Sixteen years and two kids after having her first breast augmentation, Natalie Gilbert* discovered that one of her breasts had started to harden around its implant. She could also feel the implant’s edge, and there were divots and irregularities on both breasts, indicative of a somewhat common complication called capsular contracture. “[The implants] were really a mess. I knew they had to be taken out or replaced,” says Gilbert, 35, a New York-based professor of English.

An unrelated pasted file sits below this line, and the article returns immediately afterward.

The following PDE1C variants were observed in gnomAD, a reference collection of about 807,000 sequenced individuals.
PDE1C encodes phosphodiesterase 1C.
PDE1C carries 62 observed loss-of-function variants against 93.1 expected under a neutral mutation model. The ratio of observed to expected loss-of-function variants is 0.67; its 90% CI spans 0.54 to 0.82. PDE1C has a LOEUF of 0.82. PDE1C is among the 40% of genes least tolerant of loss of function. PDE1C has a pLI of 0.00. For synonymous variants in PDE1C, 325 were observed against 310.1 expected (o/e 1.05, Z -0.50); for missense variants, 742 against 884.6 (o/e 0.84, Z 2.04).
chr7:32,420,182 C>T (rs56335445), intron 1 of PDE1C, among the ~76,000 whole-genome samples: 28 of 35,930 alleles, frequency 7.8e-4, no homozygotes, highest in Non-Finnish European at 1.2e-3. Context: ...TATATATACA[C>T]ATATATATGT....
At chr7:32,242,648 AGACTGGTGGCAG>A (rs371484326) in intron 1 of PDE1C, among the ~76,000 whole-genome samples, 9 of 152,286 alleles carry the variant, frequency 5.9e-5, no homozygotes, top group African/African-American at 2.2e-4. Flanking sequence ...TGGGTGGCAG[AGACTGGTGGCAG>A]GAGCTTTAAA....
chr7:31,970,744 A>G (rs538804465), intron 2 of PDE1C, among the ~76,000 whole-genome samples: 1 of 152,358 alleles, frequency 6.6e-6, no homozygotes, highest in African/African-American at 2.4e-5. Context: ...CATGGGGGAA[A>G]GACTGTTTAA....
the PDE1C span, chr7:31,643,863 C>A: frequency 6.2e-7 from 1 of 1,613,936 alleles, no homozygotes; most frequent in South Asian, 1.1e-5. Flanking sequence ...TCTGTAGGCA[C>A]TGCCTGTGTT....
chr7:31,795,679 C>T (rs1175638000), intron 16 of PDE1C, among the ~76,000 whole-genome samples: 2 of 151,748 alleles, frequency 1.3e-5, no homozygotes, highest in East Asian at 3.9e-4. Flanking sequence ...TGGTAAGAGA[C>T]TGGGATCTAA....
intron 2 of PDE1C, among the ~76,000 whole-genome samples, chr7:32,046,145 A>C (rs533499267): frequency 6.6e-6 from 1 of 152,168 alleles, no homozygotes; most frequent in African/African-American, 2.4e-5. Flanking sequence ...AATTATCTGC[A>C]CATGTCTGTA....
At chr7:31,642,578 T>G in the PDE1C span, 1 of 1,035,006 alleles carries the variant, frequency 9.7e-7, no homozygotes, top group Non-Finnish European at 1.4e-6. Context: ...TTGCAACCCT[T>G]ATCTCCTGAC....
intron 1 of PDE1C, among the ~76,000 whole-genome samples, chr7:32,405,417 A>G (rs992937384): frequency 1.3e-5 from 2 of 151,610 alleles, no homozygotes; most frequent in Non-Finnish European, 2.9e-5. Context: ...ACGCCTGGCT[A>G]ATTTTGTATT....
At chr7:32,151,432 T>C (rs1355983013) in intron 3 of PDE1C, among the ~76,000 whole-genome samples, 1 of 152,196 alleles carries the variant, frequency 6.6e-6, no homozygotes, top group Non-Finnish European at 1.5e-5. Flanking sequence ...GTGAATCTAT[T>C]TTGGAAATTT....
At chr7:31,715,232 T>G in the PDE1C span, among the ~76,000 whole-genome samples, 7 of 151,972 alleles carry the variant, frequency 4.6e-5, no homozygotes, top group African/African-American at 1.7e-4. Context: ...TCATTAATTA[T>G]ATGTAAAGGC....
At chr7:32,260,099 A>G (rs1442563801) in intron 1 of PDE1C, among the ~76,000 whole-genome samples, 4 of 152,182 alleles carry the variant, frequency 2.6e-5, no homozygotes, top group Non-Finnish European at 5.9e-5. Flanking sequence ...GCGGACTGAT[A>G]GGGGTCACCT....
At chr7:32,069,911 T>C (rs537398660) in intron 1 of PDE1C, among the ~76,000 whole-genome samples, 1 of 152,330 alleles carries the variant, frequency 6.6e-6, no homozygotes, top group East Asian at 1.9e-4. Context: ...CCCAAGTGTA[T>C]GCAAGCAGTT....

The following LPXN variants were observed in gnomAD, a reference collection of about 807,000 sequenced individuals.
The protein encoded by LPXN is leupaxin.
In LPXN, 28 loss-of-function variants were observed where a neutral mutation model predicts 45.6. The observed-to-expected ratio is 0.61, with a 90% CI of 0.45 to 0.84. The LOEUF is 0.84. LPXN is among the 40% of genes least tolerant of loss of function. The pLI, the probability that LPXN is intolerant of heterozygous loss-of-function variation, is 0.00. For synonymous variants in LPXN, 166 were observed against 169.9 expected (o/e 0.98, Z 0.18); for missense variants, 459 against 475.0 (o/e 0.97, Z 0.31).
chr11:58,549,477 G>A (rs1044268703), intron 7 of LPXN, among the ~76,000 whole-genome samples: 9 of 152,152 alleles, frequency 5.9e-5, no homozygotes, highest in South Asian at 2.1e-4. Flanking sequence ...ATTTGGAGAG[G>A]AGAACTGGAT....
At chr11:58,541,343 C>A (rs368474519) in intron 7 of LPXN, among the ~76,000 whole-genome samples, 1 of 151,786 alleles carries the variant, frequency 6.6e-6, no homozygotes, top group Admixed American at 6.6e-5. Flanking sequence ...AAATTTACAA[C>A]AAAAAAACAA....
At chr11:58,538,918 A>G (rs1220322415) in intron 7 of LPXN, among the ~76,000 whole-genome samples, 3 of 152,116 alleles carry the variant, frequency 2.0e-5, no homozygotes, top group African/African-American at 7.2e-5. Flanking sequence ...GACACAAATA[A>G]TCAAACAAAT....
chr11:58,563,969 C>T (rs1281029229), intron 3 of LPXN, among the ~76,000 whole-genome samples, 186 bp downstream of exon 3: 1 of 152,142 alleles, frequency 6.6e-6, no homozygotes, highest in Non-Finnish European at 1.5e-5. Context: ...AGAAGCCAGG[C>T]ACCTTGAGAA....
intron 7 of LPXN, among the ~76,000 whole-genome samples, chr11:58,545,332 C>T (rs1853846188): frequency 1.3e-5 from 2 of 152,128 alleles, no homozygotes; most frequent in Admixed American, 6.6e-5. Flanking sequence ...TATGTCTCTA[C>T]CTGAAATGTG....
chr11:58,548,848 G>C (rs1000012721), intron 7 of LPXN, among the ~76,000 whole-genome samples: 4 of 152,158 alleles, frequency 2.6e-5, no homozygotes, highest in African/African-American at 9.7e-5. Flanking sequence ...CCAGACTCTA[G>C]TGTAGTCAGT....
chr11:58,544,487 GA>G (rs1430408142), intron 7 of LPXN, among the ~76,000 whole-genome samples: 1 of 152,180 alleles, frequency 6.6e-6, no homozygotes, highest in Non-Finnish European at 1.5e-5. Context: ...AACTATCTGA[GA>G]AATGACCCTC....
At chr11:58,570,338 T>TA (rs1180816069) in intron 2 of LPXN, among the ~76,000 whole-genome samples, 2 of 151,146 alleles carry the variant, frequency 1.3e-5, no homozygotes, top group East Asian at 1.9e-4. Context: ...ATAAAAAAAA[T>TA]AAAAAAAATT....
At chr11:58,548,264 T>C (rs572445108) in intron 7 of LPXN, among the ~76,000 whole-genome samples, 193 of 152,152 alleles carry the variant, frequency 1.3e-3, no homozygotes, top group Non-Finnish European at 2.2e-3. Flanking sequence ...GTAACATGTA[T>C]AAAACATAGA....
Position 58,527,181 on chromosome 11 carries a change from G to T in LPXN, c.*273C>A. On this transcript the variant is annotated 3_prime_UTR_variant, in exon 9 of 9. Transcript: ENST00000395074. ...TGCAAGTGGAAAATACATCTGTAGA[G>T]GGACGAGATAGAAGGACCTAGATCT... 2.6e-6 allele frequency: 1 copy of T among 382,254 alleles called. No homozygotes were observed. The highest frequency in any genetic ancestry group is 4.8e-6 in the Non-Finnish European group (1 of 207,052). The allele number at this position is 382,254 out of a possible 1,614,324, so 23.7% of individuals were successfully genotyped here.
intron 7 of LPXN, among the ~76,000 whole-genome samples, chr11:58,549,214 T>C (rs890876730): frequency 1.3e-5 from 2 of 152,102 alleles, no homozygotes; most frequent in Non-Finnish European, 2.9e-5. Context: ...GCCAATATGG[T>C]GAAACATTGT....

To get the results she wanted—smaller, more natural-looking breasts, restored to their pre-baby perkiness—Gilbert’s plastic surgeon, Adam Kolker, MD, suggested something she didn’t even know was an option: a fat graft (aka fat transfer) into her breasts, along with new implants, to help create a softer look and feel.

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